ATHENS, GREECE -- Environmental consciousness shapes the thoughts and decisions of us all, more and more with every passing day. The creative world is highly reflective of this movement. As ecological awareness has had an effect on what people choose to put in their homes and bodies, it has also extended to what they choose to put on their walls and bodies.
Ethically, as well as aesthetically, the use of recycled materials is making a noticeable impact in art and design. Jewelry is no exception. “Jewelry, as an art form, lends itself to the use of recycled and found items,” says R. Nakatani, a jewelry shop curator from Athens, Greece.
It’s becoming quite the trend, in fact. Shops such as Ms. Nakatani’s are proof of both the output by designers and the interest of consumers. “People are using the most unexpected things as material. As a curator, I find it very exciting when an artist creates a piece that looks so polished that you wouldn’t guess that it came from a recycled source, or even trash!” laughs Nakatani.
A good example is the work of Beth Martini, a jewelry artist, who operates the 3409 label in Seattle, Washington. She incorporates urban harvested hardwoods and other organic materials (as seen in Photo 1), which have been recycled or appropriated for reuse. Starting with unassuming pieces of recycled wood, her fabrication techniques shape them into objects that finish with a fresh look not necessarily associated with “recycled art” (as seen in Photo 2).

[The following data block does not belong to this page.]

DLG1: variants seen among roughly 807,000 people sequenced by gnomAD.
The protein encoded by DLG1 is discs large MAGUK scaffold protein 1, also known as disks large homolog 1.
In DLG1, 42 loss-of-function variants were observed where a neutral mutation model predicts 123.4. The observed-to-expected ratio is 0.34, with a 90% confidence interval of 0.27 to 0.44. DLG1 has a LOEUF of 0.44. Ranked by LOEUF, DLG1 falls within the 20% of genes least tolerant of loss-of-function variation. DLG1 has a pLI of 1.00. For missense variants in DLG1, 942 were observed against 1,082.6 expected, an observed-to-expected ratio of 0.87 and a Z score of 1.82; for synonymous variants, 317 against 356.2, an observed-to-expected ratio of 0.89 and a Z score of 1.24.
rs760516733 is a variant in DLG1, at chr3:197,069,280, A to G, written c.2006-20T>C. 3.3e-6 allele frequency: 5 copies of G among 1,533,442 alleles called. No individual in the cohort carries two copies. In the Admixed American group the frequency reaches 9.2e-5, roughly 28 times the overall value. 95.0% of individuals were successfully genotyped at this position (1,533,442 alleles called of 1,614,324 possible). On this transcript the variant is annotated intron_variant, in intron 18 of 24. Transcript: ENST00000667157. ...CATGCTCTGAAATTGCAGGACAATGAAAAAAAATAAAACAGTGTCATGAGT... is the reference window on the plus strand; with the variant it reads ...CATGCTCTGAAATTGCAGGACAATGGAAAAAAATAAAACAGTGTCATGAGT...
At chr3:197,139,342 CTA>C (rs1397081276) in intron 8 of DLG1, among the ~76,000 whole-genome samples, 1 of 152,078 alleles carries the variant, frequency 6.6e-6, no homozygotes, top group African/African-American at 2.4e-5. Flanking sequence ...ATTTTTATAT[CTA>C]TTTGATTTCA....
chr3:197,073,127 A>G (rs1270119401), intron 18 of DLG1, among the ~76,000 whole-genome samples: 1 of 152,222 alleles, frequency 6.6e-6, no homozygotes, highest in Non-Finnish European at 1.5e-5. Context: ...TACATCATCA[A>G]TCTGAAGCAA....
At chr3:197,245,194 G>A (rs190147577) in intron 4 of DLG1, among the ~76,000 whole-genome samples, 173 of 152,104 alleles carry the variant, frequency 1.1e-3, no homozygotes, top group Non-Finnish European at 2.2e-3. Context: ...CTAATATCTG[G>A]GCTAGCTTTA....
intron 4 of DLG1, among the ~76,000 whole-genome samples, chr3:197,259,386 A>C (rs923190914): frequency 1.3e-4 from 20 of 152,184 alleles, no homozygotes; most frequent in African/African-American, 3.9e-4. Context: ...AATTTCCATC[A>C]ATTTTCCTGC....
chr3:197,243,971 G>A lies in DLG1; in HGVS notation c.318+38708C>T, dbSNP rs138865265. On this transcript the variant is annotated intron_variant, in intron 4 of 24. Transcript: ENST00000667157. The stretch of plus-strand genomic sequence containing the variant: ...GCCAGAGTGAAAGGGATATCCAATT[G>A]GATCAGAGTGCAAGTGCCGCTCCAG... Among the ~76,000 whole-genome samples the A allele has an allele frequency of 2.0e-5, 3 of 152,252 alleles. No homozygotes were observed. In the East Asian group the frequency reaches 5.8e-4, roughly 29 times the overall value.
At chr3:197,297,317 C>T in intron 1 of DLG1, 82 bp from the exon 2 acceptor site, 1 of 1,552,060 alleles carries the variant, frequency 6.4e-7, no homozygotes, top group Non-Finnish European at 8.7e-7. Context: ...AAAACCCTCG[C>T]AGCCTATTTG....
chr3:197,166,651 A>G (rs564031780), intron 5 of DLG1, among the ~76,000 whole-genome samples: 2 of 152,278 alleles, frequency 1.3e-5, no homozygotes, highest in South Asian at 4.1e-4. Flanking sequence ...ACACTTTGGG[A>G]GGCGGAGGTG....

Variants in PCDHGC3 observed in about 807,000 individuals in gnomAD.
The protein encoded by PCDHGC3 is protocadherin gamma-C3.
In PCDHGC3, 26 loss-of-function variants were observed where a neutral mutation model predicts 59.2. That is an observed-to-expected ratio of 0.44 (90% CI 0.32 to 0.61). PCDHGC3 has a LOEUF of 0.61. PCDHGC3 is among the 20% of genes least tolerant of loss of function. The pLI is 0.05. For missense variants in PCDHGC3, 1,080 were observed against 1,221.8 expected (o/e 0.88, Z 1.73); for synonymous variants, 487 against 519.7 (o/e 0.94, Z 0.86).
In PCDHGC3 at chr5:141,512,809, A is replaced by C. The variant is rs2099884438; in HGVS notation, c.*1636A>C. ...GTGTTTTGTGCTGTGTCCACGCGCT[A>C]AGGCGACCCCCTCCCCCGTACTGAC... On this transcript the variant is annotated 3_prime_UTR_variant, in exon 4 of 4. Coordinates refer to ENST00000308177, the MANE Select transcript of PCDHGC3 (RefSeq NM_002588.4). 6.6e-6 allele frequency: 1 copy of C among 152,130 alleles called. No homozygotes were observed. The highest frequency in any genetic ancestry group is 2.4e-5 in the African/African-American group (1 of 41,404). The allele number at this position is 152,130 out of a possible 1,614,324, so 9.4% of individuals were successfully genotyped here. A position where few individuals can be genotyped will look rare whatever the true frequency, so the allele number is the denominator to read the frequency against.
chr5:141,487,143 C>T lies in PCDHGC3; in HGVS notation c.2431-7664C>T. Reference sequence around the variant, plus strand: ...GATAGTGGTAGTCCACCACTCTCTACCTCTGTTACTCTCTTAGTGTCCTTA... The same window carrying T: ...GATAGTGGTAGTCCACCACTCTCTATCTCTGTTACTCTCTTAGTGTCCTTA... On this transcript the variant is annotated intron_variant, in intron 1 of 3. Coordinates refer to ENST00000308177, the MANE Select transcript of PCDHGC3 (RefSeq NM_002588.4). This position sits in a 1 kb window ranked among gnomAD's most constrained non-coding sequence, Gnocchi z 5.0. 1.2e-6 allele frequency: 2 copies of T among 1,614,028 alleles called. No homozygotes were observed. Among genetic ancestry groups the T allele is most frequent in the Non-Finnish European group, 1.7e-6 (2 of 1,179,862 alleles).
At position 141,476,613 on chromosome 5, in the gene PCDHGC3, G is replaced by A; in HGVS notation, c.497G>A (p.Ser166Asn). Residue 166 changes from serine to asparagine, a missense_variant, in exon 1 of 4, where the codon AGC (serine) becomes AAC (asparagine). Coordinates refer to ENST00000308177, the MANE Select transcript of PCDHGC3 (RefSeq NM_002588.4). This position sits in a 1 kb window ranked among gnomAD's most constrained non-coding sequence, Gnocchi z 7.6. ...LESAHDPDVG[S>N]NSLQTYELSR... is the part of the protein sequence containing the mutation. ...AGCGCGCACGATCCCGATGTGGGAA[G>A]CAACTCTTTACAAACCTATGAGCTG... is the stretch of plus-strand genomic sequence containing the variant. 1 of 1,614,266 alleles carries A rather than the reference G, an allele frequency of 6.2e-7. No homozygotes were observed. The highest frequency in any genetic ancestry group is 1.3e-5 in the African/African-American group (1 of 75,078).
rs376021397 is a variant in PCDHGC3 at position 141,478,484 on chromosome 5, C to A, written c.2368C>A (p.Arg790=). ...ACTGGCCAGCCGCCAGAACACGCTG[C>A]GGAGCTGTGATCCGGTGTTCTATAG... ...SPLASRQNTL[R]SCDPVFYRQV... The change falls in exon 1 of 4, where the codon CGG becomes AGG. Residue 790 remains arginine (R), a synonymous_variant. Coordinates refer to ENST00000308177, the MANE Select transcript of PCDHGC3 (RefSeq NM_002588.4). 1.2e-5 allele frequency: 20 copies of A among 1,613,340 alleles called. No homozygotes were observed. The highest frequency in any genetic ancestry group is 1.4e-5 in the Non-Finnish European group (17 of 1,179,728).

Both the size range and overt ornamental qualities of jewelry make it a great venue for incorporating diverse materials. Many artists working in this form also find it easier to spend a little bit more money on ecologically friendly materials, because they do not tend to need a large quantity.
Such is the case with recycled metals. As the market for green-minded design expands, the demand for such material is also growing. There are a number of companies that provide recycled brass, copper, silver, and gold at varying degrees of post-consumer content.
While a number of established designers are going out of their way to use friendly materials, some younger, burgeoning artists are pulling from even more eccentric material sources to create. Aside from the standard fare of materials one might associate with jewelry making, artists are experimenting with a wide array of non-traditional materials. Some makers are finding new sources to pull from, which are sometimes right under their noses.
Everyday household items are making appearances in modern jewelry design. Plastic, metal, and glass items, often deconstructed or prepared, are being given a second chance as elements of handcrafted pieces of jewelry. From pieces of glass bottles and aluminum to computer parts and chopped up compact discs, it’s open season on objects that might have ended up in the landfill. Such commonplace objects can spark some big ideas.
This trend, which is on the upswing, offers great potential for those interested in both traditional and avant-garde jewelry design. There are many sources to look to when considering recycled or reusable material, and even more creative ways to incorporate them.
Whether you’re searching for recycled material providers, or reexamining your own recycling bin, the saying about one person’s trash being another’s treasure has turned out to be truer than ever.
Photos Courtesy Of: Beth Martini
By: Jeremy Kennedy
this article was printed from www.thalo.com/articles/view/54/